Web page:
Wednesday, January 03, 2007

Awareness - The soul of a revolution

WHEN I BEGAN WATCHING THIS MOVIE there were only two things I knew – One, that this was about Ernesto ‘Che’ Guevara and two, I knew nothing about him apart from the fact that he was a great T Shirt industry icon.

‘Diarios de motocicleta’ The Motorcycle Diaries (2004) documents the earliest milestones in the life of Che Guevara. I had heard so much about it through reviews and word of mouth that I just had to see what it was all about. I am the kind who will watch a movie without a break in between, if I can afford it, because I think the process of story telling needs a direction and a pace. These two are the essential components of any story regardless of what it is about or how good it seems when heard. I did the same here.

The movie is a two hour journey through South America’s infinite seeming beauty. From the cold snow capped mountains of Chile to the hilly silences of Peru. Having been here for almost a decade myself, I could not help but feel privileged to be connected to the story, in an atomic way. ‘They are heading to where I live,’ I kept telling myself whenever they mentioned Venezuela and Caracas. This being my last year here, I could not help but feel a little nostalgic about the whole experience.

Armed with a few supplies, his chubby chum Alberto Granado and a leaking piece of majestic metal called ‘La Poderosa’ The Powerful – A ’39 Norton 500 motorbike – Che begins his journey of South America. Ironic to its name, La Poderosa doesn’t survive a large chunk of the journey as it coughs, throws up, steers away, smashes into and tosses out of the road on several occasions. A teary adieu later, Alberto and Ernesto begin their remainder of the journey through hitchhiking among other methods. Their travel borders along humor and sensitivity all the way with Alberto chipping in most of the amusement to keep an asthmatic Ernesto cheered up. They see a lot of action right away which includes everything from being almost killed by natural and not-so-natural causes. Along the way they continue to meet people from the lowest level of the society. Workers, farmers, miners, and several sections of the lower middle class to the poor – who have been victims of atrocities levied upon them by money hogging fat cats who rule that place. The division that keeps the underprivileged part of the social fabric from the well-to-do masses starts becoming very clear to the young doctor duo as they head up north making various long lasting associations.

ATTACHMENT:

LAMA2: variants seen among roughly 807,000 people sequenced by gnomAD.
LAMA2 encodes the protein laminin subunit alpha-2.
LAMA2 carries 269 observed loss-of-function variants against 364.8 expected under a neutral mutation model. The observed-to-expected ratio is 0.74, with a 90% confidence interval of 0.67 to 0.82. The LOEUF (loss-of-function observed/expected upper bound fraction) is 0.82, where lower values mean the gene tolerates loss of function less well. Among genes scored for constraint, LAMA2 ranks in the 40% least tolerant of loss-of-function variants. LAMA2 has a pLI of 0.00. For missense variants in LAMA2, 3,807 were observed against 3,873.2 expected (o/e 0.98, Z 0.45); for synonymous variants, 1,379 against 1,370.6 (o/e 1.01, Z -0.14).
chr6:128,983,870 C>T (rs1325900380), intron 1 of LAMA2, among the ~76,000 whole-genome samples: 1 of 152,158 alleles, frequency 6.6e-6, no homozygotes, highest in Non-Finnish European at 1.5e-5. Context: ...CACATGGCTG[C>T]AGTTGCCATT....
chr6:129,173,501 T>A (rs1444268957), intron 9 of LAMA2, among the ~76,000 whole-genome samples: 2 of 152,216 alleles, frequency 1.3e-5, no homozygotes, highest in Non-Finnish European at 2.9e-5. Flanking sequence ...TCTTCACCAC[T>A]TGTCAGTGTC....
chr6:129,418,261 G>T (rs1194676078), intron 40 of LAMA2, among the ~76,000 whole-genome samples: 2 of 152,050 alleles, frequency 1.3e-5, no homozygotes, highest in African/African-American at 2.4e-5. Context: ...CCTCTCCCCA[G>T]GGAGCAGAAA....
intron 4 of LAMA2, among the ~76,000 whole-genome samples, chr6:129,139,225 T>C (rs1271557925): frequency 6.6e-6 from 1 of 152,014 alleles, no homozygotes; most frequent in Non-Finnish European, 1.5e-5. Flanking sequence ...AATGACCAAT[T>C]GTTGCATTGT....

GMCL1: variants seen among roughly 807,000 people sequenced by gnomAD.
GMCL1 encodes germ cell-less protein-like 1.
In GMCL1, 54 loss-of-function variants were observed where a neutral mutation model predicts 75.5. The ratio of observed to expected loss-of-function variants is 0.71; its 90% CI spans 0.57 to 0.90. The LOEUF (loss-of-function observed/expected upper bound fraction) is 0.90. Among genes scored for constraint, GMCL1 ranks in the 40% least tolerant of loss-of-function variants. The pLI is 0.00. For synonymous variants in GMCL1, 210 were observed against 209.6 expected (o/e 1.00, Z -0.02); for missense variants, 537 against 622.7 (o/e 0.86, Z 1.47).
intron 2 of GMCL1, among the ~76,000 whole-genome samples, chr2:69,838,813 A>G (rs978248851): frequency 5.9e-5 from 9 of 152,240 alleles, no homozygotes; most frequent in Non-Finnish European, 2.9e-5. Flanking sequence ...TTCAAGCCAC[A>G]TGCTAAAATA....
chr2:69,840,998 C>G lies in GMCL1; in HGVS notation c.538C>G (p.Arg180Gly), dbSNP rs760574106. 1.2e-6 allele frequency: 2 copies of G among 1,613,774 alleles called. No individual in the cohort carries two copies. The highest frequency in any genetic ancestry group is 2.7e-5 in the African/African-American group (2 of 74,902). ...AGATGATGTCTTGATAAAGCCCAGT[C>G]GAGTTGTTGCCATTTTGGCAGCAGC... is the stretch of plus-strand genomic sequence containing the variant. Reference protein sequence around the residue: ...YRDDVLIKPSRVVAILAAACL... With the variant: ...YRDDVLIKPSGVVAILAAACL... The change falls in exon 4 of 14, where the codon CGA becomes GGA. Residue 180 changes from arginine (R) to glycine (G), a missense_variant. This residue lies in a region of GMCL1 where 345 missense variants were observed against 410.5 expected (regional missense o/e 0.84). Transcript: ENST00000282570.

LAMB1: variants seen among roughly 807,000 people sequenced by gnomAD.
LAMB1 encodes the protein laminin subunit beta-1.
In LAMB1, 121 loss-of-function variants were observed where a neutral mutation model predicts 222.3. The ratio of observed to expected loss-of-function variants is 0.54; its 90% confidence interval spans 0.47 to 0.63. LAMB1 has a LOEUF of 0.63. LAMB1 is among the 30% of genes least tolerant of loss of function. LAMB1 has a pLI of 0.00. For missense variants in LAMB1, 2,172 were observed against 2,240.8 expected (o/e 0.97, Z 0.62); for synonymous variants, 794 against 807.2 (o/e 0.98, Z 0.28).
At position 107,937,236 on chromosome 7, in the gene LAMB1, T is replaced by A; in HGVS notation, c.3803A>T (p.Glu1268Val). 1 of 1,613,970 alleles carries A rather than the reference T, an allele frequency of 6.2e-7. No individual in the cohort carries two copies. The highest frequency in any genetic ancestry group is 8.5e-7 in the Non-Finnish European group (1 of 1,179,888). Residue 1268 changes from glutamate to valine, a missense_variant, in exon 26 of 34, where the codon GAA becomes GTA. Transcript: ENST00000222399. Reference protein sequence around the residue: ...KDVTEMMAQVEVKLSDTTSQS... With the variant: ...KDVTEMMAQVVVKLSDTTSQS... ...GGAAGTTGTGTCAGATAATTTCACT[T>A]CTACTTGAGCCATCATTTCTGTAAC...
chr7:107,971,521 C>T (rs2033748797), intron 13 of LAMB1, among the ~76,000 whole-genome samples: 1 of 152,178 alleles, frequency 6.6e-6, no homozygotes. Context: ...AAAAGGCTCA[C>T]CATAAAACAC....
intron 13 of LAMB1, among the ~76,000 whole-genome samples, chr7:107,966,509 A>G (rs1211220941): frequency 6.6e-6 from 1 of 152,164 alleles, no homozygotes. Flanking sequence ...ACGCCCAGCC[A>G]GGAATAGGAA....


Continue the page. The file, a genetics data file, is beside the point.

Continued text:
The biggest one comes to Ernesto in the form of a leprosy clinic in San Pablo, Peru where they arrive on 8th of June, 1952 after having traveled about 10223 kilometers. The three weeks they spend there shows them a very different, much disturbing, image of the conditions those lepers live in. Ernesto volunteers to work there for a little time, all the while getting connected to all the patients in that center. A strange transformation begins to happen in young Ernesto. The carefree adventurer in him who began this journey is no longer available, as the more concerned and passionate human in him is waking up. On his birthday, the asthmatic Ernesto risks his life and swims across the river (the one that divides the healthy and the sick) to spend time with the patients there. His first sign of leadership stems from their love - selfless and pure. The movie ends with the duo reaching Caracas, Venezuela. Alberto decides to take up occupation in the city while Ernesto chooses to moves on.

You will find a lot of material that says a zillion things about Ernesto ‘Che’ Guevara. Being the kind of person I am, I choose to see what seems human to me. And this snapshot of his life was that revealing experience. The revolutionary is born not by birth or place, but by circumstance. A revolution finds its core in seeing the truth. The naked fact of what ails the human in all of us. What we do with it, which way we take it from there is something that hinges on the individual. Finding and acknowledging that core, I feel, is a much harder thing to do.


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